The Real Key to Success – Meaningful Relationships
We all want to get ahead in this life. It’s a universal desire to be successful. I’ve found over the years that the best and most satisfying way to achieve this goal is with those you care most about. I’ve touched on this before. Some of the greatest assets a person will ever gain in this life will be the meaningful relationships they foster along the way.
At every point of my life, I can point to people who significantly altered the course of my life – ultimately for the better. Even from my earliest years, I think of the relationship I had with my great-grandmother, Grannie. She was one of the most loving women I have ever met. She was the matriarch of the Webbs. You went to my grandma Lottie Mae for a popsicle. You went to great-grandma Grannie for a hug and stewed potatoes and cornbread. This is still my favorite meal to this day.
At a time when I was right in the middle of the Jim Crowe South, my first best friend in grammar school, Alvin, was African American. The best teacher I ever had, Miss Love, was African American. I used to tell my parents, “I love Miss Love.” Unlike many of the other teachers I had, she actually cared about us as students. She cared about us as human beings. She was a big influence in my life. Those meaningful relationships and what I learned from what they had to experience made an incredible impact on my life.
I think back on the significance of the little neighborhood gang of boys I played with around first grade. We called ourselves the Second Avenue Raiders; we’d sneak out at night and go on adventures, play a lot of baseball, and just generally run around the neighborhood like we owned the place. I felt a level of comfort and confidence with those guys that I never felt at school. I convinced those relationships were significant for young James who was the smallest and youngest in his grade, struggling to care at school.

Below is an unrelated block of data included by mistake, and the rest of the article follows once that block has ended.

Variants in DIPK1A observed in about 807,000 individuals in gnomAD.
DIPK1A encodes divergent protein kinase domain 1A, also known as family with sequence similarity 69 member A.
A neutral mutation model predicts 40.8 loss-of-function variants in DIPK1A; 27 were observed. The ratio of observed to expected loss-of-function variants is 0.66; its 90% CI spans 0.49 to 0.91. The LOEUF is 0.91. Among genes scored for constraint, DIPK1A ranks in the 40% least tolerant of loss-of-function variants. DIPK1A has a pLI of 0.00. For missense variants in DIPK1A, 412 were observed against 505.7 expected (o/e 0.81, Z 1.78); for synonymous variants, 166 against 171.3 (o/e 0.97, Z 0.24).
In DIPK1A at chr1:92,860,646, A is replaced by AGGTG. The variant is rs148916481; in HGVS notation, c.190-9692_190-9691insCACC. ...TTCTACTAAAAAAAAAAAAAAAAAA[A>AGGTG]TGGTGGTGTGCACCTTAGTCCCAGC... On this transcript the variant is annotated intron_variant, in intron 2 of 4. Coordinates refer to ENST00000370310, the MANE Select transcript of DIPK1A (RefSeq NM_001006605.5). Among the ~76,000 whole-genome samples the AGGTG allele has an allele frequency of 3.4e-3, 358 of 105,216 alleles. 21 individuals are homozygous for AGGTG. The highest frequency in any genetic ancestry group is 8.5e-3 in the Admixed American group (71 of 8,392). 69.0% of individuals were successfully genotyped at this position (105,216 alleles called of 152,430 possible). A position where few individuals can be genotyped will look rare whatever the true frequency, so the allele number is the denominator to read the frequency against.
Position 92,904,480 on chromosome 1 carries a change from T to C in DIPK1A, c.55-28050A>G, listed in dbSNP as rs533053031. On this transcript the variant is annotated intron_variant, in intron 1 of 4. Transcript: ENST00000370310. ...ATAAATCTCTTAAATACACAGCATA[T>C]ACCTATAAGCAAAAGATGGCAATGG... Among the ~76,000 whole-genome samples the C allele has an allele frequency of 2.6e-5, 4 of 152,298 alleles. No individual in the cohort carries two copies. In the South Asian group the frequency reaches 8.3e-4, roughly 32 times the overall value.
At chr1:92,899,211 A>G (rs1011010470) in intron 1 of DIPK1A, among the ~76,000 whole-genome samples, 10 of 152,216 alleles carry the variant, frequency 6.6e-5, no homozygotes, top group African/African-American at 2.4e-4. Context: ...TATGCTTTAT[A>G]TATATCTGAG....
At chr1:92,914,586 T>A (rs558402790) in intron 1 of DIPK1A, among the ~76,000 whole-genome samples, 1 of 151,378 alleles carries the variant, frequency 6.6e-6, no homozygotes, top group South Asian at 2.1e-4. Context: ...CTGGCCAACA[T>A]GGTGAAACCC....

When I think back to my youth in Laurel at these and other relationships, I can see the building blocks of the person I eventually became. I don’t remember learning that much in school, but that doesn’t mean I didn’t learn in my youth.
I didn’t receive a monetary inheritance from my relatives and friends. However, I absolutely got some of their traits. Traits such as my grandparents’ entrepreneurial spirit and my mom’s instinct to take care of people. I got my dad’s work ethic and resilience in the face of failure. Sense of community I inherited from church. I learned bravery in the face of stupidity from Alvin, Miss Love, and all the African American families. The families who crossed the segregation lines. I learned the wrong way to be successful from rich parents. The ones that would rather start a school of their own than let their kids go to school with Alvin or learn from Miss Love. I learned that tragedy can influence you without defining you. Additionally, life doesn’t double back to help you out.
Think back to all those meaningful relationships you’ve had throughout your life. Those who have come and gone, and those who you’ve held onto tightly. It’s amazing to consider the significance people play in our lives. The power they have to mold who you become and what you accomplish. Ultimately, in the end, it’s those relationships and the memories you hold that will more than any success you acquire.